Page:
This unit explores the various ways information and ideas about climate change are presented through a variety of media. This includes the evaluation of social media posts, research into climate change issues, and an exploration of contemporary art and artists. This was designed and taught in an honors 9th grade English Language Arts Classroom by Dr. Tavia Quaid in response to student interest in climate change and to reinforce key information literacy skills.
This guide walks you through the "Be Internet Awesome" Digital Citizenship games and curriculum created by Google for grades 2-6 (although older students might also enjoy the games). The games are extremely engaging and can be played on their own--or accompanied by their corresponding lessons. The lesson plans provide everything educators need to begin teaching this content in their classrooms
This guide walks you through the Civic Online Reasoning curriculum from the Stanford History Education Group. Their extensive suite of lessons and assessments helps students acquire skills for thinking critically about the information they find online. The target audience is high school but some lessons can be adapted for younger students.
This guide walks you through the part of the Common Sense website that focuses on K-12 Digital Citizenship curriculum. The lesson plans include everything educators need to begin teaching this content in their classrooms and many have accompanying high-quality videos. There are also engaging games for younger students and an interactive social media simulation for older students. Topics include: media balance & well-being, privacy & security, digital footprint & identity, relationships & comunication, cyberbullying, digital drama & hate speech, and news & media literacy.
Students examine what deepfakes are and consider the deeper civic and ethical implications of deepfake technology. In an age of easy image manipulation, this lesson fosters critical thinking skills that empower students to question how we can mitigate the impact of doctored media content. This lesson plan includes a slide deck and brainstorm sheet for classroom use.
This sequenced collection, curated by Seattle Public School educators, contains openly-licensed Digital Citizenship resources for K-5 educators.
In this unit students will reflect on their own media environment, understand how cognitive bias and social media algorithms influence that environment, and learn how to investigate new sources and claims online. These activities culminate in a student-led "social science fair" MisinfoNight event where they present their new skills and knowledge to family members to help them become more savvy information consumers.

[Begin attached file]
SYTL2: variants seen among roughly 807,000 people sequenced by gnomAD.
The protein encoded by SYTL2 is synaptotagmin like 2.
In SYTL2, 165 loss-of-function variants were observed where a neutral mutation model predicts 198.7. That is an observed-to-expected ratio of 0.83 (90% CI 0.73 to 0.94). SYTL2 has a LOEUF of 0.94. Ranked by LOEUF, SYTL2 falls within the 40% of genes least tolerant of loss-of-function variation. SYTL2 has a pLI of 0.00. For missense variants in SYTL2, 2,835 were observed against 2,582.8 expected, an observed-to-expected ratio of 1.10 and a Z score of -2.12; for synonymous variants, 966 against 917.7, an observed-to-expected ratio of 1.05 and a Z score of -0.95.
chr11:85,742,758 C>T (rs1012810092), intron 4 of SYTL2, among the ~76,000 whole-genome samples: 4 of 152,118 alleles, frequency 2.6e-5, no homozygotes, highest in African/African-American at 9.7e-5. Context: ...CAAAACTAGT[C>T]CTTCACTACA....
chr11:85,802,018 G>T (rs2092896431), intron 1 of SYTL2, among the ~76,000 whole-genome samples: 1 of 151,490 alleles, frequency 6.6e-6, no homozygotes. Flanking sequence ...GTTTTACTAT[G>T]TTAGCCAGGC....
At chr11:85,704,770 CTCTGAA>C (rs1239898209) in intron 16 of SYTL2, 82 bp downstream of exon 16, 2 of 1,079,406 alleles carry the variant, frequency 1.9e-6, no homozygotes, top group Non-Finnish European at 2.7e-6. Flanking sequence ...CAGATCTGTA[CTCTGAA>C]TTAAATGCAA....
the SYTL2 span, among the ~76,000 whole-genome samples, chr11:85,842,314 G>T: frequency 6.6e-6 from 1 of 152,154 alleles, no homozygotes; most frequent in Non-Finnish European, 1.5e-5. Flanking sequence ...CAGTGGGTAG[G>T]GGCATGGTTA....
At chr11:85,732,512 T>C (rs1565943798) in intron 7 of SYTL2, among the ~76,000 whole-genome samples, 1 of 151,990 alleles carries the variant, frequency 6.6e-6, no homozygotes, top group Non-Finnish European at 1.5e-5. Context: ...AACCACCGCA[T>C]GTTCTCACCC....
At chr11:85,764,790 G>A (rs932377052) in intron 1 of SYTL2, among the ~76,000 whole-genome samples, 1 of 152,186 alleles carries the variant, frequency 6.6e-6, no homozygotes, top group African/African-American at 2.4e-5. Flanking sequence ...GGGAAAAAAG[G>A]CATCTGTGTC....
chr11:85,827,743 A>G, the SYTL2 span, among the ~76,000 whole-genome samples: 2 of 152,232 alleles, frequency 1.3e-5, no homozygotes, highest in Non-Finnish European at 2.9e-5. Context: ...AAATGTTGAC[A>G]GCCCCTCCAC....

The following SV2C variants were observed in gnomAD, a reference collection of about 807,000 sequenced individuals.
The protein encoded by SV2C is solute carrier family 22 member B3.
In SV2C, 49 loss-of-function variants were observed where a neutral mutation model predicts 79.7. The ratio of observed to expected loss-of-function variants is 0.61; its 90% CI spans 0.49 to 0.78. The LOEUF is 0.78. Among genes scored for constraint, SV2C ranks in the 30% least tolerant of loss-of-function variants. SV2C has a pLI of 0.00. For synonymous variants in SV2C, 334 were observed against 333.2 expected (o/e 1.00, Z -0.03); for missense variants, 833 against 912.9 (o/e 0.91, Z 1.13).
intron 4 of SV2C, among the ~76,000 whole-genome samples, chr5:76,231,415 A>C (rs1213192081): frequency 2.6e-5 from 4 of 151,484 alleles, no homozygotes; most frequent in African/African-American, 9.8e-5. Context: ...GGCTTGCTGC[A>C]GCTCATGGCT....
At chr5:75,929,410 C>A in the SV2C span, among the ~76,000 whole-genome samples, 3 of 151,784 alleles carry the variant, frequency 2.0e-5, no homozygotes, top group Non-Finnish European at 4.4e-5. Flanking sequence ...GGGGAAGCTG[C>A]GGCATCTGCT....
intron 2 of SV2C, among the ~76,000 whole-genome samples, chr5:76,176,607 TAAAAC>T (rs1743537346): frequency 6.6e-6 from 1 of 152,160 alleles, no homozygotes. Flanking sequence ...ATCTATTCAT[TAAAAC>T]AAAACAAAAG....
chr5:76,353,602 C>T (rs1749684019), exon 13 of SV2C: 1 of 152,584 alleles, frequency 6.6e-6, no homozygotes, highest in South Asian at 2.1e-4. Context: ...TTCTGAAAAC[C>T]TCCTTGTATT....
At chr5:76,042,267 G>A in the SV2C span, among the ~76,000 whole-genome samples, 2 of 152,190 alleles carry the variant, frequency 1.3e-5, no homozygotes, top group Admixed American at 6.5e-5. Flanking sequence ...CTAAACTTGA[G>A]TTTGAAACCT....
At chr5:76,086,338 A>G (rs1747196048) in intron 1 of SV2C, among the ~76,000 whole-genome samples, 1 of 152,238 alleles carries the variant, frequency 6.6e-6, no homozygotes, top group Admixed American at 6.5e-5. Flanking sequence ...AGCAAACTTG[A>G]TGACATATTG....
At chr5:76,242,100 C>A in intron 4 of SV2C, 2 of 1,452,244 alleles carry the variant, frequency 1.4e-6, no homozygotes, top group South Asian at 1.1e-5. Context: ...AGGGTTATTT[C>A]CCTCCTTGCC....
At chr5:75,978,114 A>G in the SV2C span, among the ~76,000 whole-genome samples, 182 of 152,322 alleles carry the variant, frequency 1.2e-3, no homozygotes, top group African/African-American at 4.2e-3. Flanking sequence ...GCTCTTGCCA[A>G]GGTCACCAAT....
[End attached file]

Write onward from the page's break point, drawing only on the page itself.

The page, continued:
The information revolution of the 21st century is as significant and transformative as the industrial revolution of the 19th century. In this unit, students – and by proxy their families – will learn about the challenges of our current information landscape and how to navigate them. This unit is split into four modules. These modules can be done sequentially or stand on their own, depending on students’ needs and teachers’ timeframes. In this module (1 of 4), students analyze their own use of online social media platforms and learn how filter bubbles and confirmation bias shape the content of their media environment.
- Liz Crouse
- Shawn Lee
- Date Added:
- Shawn Lee
- Liz Crouse
- Date Added:
Edmonds School District in Washington State implemented a district-wide media literacy support project during the 2022-2023 school year. This is a collection of the resources that came out of that project that other districts might find useful.
Students will learn the potential costs and benefits of social media, digital consumption, and our relationship with technology as a society in the three-week lesson. This inquiry based unit of study will answer the following questions:
Essential Question: How can we use science fiction’s ability to predict the future to help humanity?
Supportive Questions 1: What predictions of future development has science fiction accurately made in the past? This can include technology, privacy, medicine, social justice, political, environmental, education, and economic.